It was therefore ironic to read former British Prime Minister Tony Blair’s recent comments, in the light of Barack Obama’s win, that he suddenly realised the severe limitations of foreign intervention in the conflict. Here was a man who actively supported the 2006 Lebanon war and Israel’s disastrous policies for years and now wanted to talk about consensus politics. On the Arab street, after his enthusiastic backing of the Iraq war, Blair is easily dismissed as simply wanting to manage the occupation, rather than ending it.
British journalist Jonathan Cook, one of the finest chroniclers of the conflict, writes from Nazareth and has attempted to explain the real reasons behind the Israeli suffocation of Hamas. He wrote last week:
“…According to the daily Jerusalem Post, Israeli policymakers have sought to reinforce the impression that ‘it would be pointless for Israel to topple Hamas because the population [of Gaza] is Hamas’. On this thinking, collective punishment is warranted because there are no true civilians in Gaza. Israel is at war with every single man, woman and child.”
It is a view echoed by Haaretz journalist Amira Hass. She rightly chastises Hamas for its human rights abuses but wonders if Israeli policy towards the group is deliberately designed to bolster support, therefore justifying future military action to destroy them. Unlike virtually every other Israeli paper, Haaretz editorially supports the concept of engaging the Islamists.
I’ve long argued that Israel’s most vocal supporters imagine an Israel that doesn’t exist and never has. It’s a Zionism in their minds; noble, inspiring and humanist. Uncomfortable facts can be dismissed. Human rights abuses placed in context and defended. Anybody who challenges Zionism’s core tenets are terrorists. Terrorists, terrorists, terrorists.
Perhaps it requires a latter-day prophet such as former Speaker of the Knesset and head of the Jewish Agency, Avraham Burg, to challenge these delusions. In his latest book, The Holocaust is Over: We Must Rise from its Ashes, he writes that Judaism has to get past its obsessive cheapening of the Holocaust to mature as a religion. Burg argues that the everyday use of the word Shoah in Israeli life has left Israel “a nation of victims.” The Jewish state must abandon its “Judaism of the ghetto” and embrace a “universal Judaism.”
It’s a provocative diagnosis by a religious Jew. As an atheist Jew myself, I’m drawn to some of Burg’s ideas because they acknowledge the damage the physical and mental occupation is doing to both Arabs and Jews. Therefore debate must go beyond “what is good for the Jews?” towards “what is good for the peoples of the region?” Arguably traditional Zionism is incapable of acknowledging the difference.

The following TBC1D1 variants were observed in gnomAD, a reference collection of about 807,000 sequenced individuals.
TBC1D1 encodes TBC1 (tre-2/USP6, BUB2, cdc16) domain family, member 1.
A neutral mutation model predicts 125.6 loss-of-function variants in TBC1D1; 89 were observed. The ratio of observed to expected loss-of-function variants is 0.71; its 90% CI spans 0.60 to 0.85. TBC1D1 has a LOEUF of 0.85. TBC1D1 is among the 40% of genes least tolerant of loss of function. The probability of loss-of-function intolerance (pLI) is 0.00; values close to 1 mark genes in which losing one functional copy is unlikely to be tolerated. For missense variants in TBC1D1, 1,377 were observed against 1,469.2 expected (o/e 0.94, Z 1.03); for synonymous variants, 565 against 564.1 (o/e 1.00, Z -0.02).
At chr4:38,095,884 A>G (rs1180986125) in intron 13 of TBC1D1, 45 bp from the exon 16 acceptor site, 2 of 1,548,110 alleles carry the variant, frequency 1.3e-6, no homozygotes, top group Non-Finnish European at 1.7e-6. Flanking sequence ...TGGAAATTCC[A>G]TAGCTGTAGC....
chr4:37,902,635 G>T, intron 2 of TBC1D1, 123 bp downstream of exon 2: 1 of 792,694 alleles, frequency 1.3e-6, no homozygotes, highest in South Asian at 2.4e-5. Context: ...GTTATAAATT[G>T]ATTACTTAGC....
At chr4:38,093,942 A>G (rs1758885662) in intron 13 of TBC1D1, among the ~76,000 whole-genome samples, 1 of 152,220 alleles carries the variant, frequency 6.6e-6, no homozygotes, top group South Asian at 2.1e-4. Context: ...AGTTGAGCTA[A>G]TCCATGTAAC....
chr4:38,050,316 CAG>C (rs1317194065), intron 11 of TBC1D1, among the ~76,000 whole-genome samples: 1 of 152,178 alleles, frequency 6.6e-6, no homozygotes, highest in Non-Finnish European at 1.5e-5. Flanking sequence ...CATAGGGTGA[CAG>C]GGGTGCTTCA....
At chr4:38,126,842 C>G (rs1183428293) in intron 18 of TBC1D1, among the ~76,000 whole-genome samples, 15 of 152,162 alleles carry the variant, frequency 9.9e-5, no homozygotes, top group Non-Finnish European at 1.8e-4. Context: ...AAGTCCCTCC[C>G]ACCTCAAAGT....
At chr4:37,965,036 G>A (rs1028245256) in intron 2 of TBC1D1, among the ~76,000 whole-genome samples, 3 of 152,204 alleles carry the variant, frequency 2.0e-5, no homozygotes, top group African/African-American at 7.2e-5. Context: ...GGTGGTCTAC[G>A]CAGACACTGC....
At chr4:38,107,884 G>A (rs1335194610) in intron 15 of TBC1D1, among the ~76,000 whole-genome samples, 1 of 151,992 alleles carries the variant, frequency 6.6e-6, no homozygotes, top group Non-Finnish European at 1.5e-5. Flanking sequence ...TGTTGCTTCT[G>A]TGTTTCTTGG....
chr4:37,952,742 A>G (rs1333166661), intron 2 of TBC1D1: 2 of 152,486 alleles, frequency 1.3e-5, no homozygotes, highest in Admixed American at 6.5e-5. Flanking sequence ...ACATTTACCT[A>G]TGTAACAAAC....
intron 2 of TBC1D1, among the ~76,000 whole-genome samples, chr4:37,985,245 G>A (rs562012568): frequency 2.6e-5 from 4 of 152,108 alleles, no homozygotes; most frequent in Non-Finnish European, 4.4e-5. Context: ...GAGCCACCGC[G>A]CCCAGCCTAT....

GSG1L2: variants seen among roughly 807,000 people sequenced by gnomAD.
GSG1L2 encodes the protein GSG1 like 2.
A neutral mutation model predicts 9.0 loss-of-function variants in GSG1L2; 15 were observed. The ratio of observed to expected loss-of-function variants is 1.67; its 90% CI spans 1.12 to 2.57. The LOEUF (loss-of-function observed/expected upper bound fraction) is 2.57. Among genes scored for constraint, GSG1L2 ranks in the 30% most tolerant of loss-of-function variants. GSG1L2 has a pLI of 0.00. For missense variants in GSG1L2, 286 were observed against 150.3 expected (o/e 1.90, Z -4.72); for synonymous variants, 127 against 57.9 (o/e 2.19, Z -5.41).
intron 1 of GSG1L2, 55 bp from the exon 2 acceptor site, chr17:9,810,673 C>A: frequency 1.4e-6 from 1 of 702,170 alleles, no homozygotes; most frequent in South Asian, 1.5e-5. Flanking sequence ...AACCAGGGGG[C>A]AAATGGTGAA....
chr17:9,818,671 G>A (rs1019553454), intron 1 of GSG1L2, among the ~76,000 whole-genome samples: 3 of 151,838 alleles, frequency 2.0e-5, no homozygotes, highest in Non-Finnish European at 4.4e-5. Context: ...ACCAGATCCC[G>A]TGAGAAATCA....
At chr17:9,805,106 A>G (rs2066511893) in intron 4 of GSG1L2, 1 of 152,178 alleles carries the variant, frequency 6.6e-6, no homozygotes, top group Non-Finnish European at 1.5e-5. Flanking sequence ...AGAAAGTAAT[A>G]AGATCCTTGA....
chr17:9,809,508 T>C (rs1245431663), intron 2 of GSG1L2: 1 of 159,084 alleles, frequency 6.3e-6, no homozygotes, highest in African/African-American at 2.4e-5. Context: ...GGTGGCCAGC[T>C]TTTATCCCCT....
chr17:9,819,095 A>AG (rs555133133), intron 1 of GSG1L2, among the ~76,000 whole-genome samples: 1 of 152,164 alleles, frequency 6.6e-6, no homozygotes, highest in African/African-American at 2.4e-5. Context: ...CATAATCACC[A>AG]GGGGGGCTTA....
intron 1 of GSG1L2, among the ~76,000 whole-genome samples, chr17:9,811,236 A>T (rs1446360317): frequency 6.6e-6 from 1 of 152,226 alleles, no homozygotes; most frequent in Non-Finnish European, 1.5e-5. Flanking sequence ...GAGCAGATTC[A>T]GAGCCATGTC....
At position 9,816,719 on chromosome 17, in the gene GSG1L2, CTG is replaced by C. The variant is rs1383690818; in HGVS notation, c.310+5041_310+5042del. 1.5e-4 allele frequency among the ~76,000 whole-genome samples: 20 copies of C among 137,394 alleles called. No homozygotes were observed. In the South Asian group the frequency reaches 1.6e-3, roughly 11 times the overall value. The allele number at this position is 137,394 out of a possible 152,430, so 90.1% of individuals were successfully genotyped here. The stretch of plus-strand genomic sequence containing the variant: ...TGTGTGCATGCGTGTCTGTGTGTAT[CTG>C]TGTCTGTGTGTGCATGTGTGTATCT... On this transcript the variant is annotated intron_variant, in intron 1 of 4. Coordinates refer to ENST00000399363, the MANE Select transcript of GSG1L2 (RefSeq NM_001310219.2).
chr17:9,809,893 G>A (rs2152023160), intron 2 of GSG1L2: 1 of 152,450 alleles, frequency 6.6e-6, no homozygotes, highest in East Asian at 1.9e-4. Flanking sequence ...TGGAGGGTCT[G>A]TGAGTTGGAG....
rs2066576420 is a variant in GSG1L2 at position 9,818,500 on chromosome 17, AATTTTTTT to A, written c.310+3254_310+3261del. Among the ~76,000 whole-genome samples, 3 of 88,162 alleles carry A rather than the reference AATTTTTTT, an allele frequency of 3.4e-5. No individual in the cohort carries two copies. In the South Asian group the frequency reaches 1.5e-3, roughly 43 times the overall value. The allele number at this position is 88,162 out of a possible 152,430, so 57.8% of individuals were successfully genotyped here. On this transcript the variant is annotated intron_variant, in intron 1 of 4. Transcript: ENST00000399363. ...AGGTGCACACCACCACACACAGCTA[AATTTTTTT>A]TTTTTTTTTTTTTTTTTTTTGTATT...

I met a group of influential left-oriented Jews in Melbourne last year. They wanted to engage with me and discuss privately my ideas. It was a depressing affair, however, as one after the other detailed their “pain” and “trauma” over the occupation, expressed dedication to a two-state solution and pledged to work towards its implementation. Publicly, with a few notable exceptions, they refused to condemn Israel’s gross violations of human rights. It was simply a bridge too far. Talking passionately amongst themselves may have made them feel good but the situation in the Middle East requires more than hand-wringing. A fear of societal exclusion held these people back while the Palestinians suffered in silence.
Militant Palestinians are only part of the problem. Radical Jews are the cancer that Israel refuses to destroy (despite Ehud Barak recently calling these settlers “cancerous growths”). The aim of these extremists is to establish a Taliban-style, rabbinical state to replace the current “secular” Israel. It may seem like a pipedream to most — not least the vast majority of Israelis who allegedly oppose the occupation project — but the attempt to uproot any major settlement blocs will incur a vicious response. A civil war between the state and radical Zionists is not unlikely in the years to come.
The world is starting to finally acknowledge the danger. The New York Times editorialised in early November that “law-breaking settlers” must be stopped. The director of Israel’s domestic security service warned that Jewish extremists could kill Israeli leaders who attempt peace with the Palestinians. Settlers routinely desecrate Muslim graveyards in the West Bank. For the Jerusalem Post, though, it is “Palestinian intransigence” that hinders peace in the West Bank, not the presence of the settlers on illegally held land. Interestingly, a number of settlers recently told the New York Times that they believed in a two-state solution and many of their friends would leave the colonies with proper compensation.